Rapid gastric emptying, or dumping syndrome, happens when the lower end of the small intestine (jejunum) fills too quickly with undigested food from the stomach. “Early” dumping begins during or right after a meal. Symptoms of early dumping include nausea, vomiting, bloating, diarrhea, and shortness of breath. Some people may have both early dumping and delayed gastric emptying due to gastric rhythm disturbances.
Certain types of stomach surgery that allow the stomach to empty rapidly are the main cause of dumping syndrome. Patients with Zollinger-Ellison syndrome may also have dumping syndrome. (Zollinger-Ellison syndrome is a rare disorder involving extreme peptic ulcer disease and gastrin-secreting tumors in the pancreas.)
Doctors diagnose dumping syndrome primarily on the basis of symptoms in patients who have had gastric surgery that causes the syndrome. Tests may be needed to exclude other conditions that have similar symptoms.
Treatment includes changes in eating habits and medication. People who have dumping syndrome need to eat several small meals a day that are low in carbohydrates and should drink liquids between meals, not with them. People with severe cases take medicine to slow their digestion.
Signs, symptoms & indicators of Rapid Stomach Emptying (Gastric Dumping)
Undigested food in stools
Conditions that suggest Rapid Stomach Emptying (Gastric Dumping)
(Possible) gastric dumping
Absence of gastric dumping
Recommendations for Rapid Stomach Emptying (Gastric Dumping)
The most common cause of stomach polyps is chronic gastritis. Persistent irritation of the stomach lining triggers excessive growth of normal cells (hyperplasia). If the gastritis is a result of long term H.pylori infection, successful eradication and appropriate treatment of H.pylori gastritis may lead to the polyp resolving spontaneously.
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The lower end of the small intestine.
A hollow, muscular, J-shaped pouch located in the upper part of the abdomen to the left of the midline. The upper end (fundus) is large and dome-shaped; the area just below the fundus is called the body of the stomach. The fundus and the body are often referred to as the cardiac portion of the stomach. The lower (pyloric) portion curves downward and to the right and includes the antrum and the pylorus. The function of the stomach is to begin digestion by physically breaking down food received from the esophagus. The tissues of the stomach wall are composed of three types of muscle fibers: circular, longitudinal and oblique. These fibers create structural elasticity and contractibility, both of which are needed for digestion. The stomach mucosa contains cells which secrete hydrochloric acid and this in turn activates the other gastric enzymes pepsin and rennin. To protect itself from being destroyed by its own enzymes, the stomach’s mucous lining must constantly regenerate itself.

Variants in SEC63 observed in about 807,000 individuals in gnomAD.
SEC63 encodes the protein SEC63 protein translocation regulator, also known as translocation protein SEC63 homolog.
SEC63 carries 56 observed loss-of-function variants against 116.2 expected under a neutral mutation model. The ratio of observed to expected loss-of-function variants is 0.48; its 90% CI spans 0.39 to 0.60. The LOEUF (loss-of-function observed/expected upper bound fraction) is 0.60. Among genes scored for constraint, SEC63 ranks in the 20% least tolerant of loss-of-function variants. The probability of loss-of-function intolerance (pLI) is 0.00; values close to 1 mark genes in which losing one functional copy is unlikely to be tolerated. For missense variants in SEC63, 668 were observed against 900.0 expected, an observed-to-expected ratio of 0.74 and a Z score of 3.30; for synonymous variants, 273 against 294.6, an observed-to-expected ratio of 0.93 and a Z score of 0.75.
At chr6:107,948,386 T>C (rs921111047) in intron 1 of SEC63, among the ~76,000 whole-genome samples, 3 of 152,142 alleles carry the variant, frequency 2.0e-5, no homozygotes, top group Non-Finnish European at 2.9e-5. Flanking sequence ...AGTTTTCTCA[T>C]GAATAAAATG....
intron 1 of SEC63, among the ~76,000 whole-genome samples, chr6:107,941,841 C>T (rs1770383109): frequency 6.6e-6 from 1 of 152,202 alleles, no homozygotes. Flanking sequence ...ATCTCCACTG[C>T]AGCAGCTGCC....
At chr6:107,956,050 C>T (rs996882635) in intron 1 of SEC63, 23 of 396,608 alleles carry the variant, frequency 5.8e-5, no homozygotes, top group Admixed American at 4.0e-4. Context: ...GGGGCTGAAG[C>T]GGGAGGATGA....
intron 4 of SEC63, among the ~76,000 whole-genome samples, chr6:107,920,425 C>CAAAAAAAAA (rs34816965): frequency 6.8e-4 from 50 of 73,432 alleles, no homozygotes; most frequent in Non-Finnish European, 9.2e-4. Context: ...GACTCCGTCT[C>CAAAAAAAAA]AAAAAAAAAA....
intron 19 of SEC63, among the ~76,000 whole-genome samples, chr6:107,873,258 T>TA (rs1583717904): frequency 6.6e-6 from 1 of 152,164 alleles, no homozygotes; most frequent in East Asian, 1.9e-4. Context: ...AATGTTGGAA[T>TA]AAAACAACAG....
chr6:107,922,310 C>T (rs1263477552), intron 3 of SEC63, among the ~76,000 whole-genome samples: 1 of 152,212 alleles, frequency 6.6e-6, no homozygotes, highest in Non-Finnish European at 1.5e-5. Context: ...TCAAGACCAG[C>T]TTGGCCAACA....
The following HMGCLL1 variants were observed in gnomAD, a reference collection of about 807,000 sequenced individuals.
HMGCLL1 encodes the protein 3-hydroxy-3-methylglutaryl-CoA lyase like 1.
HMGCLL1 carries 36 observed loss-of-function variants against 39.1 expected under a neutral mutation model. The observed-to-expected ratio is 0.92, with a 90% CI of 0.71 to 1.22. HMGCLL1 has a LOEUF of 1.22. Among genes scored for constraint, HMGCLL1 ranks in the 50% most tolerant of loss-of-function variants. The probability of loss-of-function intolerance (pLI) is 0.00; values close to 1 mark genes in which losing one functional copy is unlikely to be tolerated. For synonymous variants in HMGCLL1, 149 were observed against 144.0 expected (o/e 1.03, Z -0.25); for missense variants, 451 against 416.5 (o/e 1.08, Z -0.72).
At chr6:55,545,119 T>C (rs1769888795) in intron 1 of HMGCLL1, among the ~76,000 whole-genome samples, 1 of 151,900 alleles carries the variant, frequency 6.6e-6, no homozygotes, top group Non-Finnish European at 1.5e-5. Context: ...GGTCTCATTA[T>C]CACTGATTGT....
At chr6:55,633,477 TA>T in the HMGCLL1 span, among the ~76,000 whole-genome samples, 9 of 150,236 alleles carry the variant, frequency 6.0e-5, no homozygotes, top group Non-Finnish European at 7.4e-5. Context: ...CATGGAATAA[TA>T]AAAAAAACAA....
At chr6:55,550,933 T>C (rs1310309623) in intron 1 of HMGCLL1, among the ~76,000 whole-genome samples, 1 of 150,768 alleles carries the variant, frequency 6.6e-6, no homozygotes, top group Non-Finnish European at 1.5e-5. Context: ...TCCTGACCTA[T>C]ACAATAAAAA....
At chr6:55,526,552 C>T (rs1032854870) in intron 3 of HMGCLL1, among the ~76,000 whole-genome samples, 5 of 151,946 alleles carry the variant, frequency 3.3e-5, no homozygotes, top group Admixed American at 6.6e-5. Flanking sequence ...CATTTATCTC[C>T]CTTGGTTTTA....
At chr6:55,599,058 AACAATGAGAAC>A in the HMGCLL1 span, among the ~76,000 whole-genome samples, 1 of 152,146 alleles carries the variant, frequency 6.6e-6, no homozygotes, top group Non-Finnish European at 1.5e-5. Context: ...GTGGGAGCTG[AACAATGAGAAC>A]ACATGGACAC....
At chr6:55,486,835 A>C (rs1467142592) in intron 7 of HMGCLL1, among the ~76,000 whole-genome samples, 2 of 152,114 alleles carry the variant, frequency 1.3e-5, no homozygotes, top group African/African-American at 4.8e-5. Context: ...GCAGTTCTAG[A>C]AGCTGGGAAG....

Symptoms resulting from an inclination to vomit.
Excessive discharge of contents of bowel.
A general term for gastric ulcers (stomach) and duodenal ulcers (duodenum), open sores in the stomach or duodenum caused by digestive juices and stomach acid. Most ulcers are no larger than a pencil eraser, but they can cause tremendous discomfort and pain. They occur most frequently in the 60 to 70 age group, and slightly more often in men than in women. Doctors now know that there are two major causes of ulcers: most often patients are infected with the bacteria Helicobacter pylori (H. pylori); others are regular users of non-steroidal anti-inflammatory drugs (NSAIDS), which include common products like aspirin and ibuprofen.
The sugars and starches in food. Sugars are called simple carbohydrates and found in such foods as fruit and table sugar. Complex carbohydrates are composed of large numbers of sugar molecules joined together, and are found in grains, legumes, and vegetables like potatoes, squash, and corn.